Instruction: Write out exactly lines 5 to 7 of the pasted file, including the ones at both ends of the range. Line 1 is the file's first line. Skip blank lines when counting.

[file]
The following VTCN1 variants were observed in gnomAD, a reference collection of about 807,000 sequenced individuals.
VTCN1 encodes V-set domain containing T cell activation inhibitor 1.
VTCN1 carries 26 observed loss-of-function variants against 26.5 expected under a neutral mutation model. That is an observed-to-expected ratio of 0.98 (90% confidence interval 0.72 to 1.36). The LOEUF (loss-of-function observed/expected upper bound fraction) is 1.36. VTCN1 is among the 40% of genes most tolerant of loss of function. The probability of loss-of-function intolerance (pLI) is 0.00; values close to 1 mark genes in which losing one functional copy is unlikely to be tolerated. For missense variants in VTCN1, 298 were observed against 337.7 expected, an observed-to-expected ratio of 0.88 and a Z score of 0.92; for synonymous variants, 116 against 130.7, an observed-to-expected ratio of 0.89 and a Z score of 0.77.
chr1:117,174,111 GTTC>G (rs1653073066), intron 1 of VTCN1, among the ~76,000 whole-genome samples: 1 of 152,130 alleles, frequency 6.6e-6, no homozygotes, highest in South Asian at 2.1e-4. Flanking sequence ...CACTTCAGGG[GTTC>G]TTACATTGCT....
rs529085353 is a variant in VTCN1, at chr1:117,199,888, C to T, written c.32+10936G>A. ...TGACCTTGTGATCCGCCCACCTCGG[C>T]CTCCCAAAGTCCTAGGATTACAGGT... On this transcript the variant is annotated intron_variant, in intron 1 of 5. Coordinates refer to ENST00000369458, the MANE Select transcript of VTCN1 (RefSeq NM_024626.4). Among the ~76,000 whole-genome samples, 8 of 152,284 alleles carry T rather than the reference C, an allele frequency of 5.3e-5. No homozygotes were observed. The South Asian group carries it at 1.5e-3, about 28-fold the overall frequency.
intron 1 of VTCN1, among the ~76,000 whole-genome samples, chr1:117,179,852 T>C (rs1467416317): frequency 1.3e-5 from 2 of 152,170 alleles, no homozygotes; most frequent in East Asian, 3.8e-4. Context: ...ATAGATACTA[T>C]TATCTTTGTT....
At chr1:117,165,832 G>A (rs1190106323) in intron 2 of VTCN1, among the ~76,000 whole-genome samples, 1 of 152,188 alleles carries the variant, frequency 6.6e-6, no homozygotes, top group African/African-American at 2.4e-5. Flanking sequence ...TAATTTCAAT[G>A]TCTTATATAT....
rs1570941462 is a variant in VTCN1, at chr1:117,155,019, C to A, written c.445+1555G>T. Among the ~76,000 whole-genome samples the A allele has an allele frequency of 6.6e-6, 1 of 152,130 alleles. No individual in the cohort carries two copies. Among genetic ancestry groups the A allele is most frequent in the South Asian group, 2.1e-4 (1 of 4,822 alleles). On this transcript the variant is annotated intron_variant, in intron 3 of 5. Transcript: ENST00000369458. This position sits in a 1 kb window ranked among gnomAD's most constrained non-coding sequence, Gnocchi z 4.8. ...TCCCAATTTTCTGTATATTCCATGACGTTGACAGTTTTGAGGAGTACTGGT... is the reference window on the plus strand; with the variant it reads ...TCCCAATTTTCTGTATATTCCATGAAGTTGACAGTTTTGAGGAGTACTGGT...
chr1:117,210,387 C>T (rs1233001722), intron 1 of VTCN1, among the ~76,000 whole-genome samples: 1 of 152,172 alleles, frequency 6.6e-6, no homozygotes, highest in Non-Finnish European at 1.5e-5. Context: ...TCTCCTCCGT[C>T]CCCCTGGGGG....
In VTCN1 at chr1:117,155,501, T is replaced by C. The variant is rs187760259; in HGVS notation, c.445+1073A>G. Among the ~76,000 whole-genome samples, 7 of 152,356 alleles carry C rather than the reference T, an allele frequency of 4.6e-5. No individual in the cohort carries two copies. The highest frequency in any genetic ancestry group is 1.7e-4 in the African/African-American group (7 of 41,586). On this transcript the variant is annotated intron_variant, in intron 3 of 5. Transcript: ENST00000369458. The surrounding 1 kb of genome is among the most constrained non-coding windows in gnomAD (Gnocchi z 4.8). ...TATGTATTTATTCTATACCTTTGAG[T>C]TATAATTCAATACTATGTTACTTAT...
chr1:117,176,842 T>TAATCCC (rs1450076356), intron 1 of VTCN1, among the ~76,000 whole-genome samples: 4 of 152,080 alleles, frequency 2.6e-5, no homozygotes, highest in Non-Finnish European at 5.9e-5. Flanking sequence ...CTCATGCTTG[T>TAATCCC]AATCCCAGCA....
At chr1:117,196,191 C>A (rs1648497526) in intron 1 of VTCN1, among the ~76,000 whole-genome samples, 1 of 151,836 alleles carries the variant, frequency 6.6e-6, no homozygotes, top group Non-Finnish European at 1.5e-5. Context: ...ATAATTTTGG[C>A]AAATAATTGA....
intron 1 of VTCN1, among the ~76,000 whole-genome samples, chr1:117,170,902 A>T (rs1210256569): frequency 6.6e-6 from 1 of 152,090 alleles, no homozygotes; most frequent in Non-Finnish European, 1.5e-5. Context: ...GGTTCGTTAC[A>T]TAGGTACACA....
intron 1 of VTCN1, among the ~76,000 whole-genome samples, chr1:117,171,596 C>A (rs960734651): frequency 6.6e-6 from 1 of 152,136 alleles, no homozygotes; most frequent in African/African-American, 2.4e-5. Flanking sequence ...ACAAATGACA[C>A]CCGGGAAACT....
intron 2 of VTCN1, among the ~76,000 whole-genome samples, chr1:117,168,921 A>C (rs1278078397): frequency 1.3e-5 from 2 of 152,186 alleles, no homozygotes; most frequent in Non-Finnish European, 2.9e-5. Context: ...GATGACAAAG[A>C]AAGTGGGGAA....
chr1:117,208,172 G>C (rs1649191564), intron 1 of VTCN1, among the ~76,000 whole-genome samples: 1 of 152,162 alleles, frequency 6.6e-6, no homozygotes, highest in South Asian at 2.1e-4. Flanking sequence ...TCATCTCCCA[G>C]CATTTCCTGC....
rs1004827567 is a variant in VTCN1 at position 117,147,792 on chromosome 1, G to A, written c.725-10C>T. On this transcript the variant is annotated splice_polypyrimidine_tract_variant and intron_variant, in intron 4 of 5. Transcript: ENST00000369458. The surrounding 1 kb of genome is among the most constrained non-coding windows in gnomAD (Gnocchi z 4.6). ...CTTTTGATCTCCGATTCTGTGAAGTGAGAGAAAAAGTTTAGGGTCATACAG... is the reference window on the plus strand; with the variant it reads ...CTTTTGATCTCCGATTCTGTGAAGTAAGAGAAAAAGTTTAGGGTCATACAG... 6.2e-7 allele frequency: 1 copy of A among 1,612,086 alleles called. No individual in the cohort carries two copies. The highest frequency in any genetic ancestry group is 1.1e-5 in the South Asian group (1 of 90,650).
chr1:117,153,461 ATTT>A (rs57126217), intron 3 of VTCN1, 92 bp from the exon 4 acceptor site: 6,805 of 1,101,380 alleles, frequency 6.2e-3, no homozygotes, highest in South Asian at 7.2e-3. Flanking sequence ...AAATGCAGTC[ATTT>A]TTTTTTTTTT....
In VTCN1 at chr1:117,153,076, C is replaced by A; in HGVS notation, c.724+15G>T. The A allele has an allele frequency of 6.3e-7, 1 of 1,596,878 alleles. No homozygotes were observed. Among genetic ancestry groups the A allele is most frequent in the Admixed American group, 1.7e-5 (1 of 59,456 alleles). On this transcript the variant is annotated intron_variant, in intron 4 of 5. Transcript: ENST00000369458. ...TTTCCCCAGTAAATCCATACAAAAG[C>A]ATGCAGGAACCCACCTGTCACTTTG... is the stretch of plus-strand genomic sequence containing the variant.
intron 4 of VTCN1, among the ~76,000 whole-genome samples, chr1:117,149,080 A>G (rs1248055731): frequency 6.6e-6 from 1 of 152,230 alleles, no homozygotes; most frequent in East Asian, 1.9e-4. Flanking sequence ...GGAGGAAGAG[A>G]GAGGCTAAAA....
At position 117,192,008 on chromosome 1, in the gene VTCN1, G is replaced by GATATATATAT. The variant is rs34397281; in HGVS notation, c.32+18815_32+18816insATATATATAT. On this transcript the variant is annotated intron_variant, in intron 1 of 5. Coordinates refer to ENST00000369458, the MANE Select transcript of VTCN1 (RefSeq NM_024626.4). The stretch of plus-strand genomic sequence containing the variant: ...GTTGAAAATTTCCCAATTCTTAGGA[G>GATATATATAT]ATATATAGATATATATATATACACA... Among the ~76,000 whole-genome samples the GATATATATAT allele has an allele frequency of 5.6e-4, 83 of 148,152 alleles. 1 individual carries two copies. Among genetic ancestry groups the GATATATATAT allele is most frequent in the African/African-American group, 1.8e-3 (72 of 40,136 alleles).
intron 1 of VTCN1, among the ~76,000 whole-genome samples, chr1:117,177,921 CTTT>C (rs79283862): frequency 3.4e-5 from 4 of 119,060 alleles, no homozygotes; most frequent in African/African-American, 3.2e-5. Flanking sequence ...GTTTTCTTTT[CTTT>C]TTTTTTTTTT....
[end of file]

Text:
rs529085353 is a variant in VTCN1, at chr1:117,199,888, C to T, written c.32+10936G>A. ...TGACCTTGTGATCCGCCCACCTCGG[C>T]CTCCCAAAGTCCTAGGATTACAGGT... On this transcript the variant is annotated intron_variant, in intron 1 of 5. Coordinates refer to ENST00000369458, the MANE Select transcript of VTCN1 (RefSeq NM_024626.4). Among the ~76,000 whole-genome samples, 8 of 152,284 alleles carry T rather than the reference C, an allele frequency of 5.3e-5. No homozygotes were observed. The South Asian group carries it at 1.5e-3, about 28-fold the overall frequency.
intron 1 of VTCN1, among the ~76,000 whole-genome samples, chr1:117,179,852 T>C (rs1467416317): frequency 1.3e-5 from 2 of 152,170 alleles, no homozygotes; most frequent in East Asian, 3.8e-4. Context: ...ATAGATACTA[T>C]TATCTTTGTT....
At chr1:117,165,832 G>A (rs1190106323) in intron 2 of VTCN1, among the ~76,000 whole-genome samples, 1 of 152,188 alleles carries the variant, frequency 6.6e-6, no homozygotes, top group African/African-American at 2.4e-5. Flanking sequence ...TAATTTCAAT[G>A]TCTTATATAT....